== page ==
Sunday, January 23, 2022

The Natural Translation Hypothesis is 50


To all readers of this blog

A belated Happy New Year and Better 2022!

The blog has been desultory in the past few months due to an effect of ‘long Covid’, but I hope to get it back on track before long.

2022 marks an anniversary. It’s just 50 years since the inception of the concept and term Natural Translation (NT). To most people the inception came with publication of the paper The Importance of Natural Translation in 1977. However, the term and concept had already appeared in 1973, not in English but in French as traduction naturelle. It was in French because it was in a paper read at a conference at the Université du Québec à Montréal (UQAM), a French-speaking university. But even that wasn’t quite the beginning, because although the French paper wasn’t published until 1973, the conference had taken place the previous year, 1972. It was a conference at which several of my colleagues of the machine translation project at the Université de Montréal (TAUM) also read papers and it was my final academic contribution before moving to Ottawa. Hence 1972-2022, fifty years.


In the beginning encouragement mainly came not from translators but from psychologists: Wallace Lambert (pioneer of Canadian bilingual education) invited me to his graduate seminar at McGill, Kenji Hakuta (educational psychologist at Stanford) supervised the thesis of Marguerite Malakoff, David Gerver (clinical psychologist) invited me to the fabulous 1977 NATO conference in Venice. But then some bold translatologists joined in: Gideon Toury invited me to write something for Target; Fritz Pöchhacker and colleagues in Vienna were advisors for the thesis of Petra Beckmannova; Raffaela Merlini (Trieste) and Cecilia Wadensjö (Linköping) were advisors for the thesis of Diana Cossato; Ricardo Muñoz invited me to Granada; María Jesús Blasco organised a conference in my honour at Castellón; María Gracia Torres sponsored my honorary doctorate at Malaga, and Boguslawa Whyatt produced a developmental model of translation competence quite similar to mine.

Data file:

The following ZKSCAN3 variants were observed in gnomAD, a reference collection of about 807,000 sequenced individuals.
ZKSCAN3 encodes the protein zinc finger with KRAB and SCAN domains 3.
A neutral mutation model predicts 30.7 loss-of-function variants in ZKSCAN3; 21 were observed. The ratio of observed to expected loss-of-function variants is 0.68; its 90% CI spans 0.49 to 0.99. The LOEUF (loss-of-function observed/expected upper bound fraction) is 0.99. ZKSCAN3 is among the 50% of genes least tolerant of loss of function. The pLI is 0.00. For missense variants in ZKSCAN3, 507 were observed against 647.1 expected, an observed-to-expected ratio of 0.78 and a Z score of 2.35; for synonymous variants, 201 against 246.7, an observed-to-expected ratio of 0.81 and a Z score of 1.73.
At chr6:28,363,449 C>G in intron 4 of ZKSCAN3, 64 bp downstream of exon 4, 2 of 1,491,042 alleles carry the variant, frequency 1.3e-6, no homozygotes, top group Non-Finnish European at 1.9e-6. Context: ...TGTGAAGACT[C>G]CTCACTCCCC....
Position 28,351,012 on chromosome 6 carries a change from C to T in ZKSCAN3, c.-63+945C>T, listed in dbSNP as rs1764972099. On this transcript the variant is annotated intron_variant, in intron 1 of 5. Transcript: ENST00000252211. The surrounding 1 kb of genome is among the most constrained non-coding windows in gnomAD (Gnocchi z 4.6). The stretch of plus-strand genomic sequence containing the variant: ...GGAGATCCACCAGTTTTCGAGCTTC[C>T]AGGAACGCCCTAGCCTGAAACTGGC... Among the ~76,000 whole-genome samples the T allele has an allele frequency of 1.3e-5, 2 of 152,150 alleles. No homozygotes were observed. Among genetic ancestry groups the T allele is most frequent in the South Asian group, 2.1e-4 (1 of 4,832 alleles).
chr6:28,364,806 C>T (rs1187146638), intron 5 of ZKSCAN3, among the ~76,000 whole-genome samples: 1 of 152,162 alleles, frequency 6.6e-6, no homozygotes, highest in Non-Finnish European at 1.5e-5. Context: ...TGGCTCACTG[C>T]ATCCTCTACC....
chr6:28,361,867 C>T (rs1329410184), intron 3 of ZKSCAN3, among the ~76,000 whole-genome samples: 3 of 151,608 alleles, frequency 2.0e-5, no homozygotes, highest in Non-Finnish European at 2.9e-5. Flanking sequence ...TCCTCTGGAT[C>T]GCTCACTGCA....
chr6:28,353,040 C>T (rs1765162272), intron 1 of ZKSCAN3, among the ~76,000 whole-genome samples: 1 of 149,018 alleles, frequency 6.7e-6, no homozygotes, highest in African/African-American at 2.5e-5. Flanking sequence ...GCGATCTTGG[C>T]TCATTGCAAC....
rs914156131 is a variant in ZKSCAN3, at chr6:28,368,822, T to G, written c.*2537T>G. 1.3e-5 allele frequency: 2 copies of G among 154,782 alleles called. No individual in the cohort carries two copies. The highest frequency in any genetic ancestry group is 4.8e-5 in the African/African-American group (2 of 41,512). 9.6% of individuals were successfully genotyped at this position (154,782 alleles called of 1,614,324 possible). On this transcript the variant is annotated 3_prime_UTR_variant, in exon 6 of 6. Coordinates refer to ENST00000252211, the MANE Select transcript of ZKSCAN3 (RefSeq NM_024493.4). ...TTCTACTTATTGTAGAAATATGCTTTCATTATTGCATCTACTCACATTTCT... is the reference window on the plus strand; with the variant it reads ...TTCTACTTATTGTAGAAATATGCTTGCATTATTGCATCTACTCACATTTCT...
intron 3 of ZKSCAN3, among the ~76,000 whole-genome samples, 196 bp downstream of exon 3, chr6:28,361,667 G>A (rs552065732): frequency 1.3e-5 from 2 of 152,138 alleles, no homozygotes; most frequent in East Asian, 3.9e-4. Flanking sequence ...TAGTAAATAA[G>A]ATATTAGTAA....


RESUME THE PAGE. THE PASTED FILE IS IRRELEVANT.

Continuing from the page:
If I had to distinguish a turning point in all that has happened so far, I would unhesitatingly pick the First  Conference on Non-Professional Interpreting and Translation (NPIT), which Rachele Antonini organised at Bologna in 2012. The number and scope of the papers showed that NPIT was an area that could no longer be considered maverick. The ensuing NIPT conferences have confirmed it, although NT has never obtained the primacy – with everything else in translatology being “the icing on the cake” – that I polemicised for it in my spat with Hans Krings in Target.


Meanwhile there are two important aspects of NT that are still little recognised and therefore  under-researched. The first is its innateness; for this the abundant proof that children can start to translate very young is important but not sufficient. Anyway innateness is a bone of contention in all linguistics. The other is the place of translating in the broad spectrum of transfer of information and emotion from any form of human expression to another, a process not necessarily linguistic that I have called conversion.



Bibliographic references for all the publications mentioned above can be found in the Annotated Bibliography of Natural Translation Studies at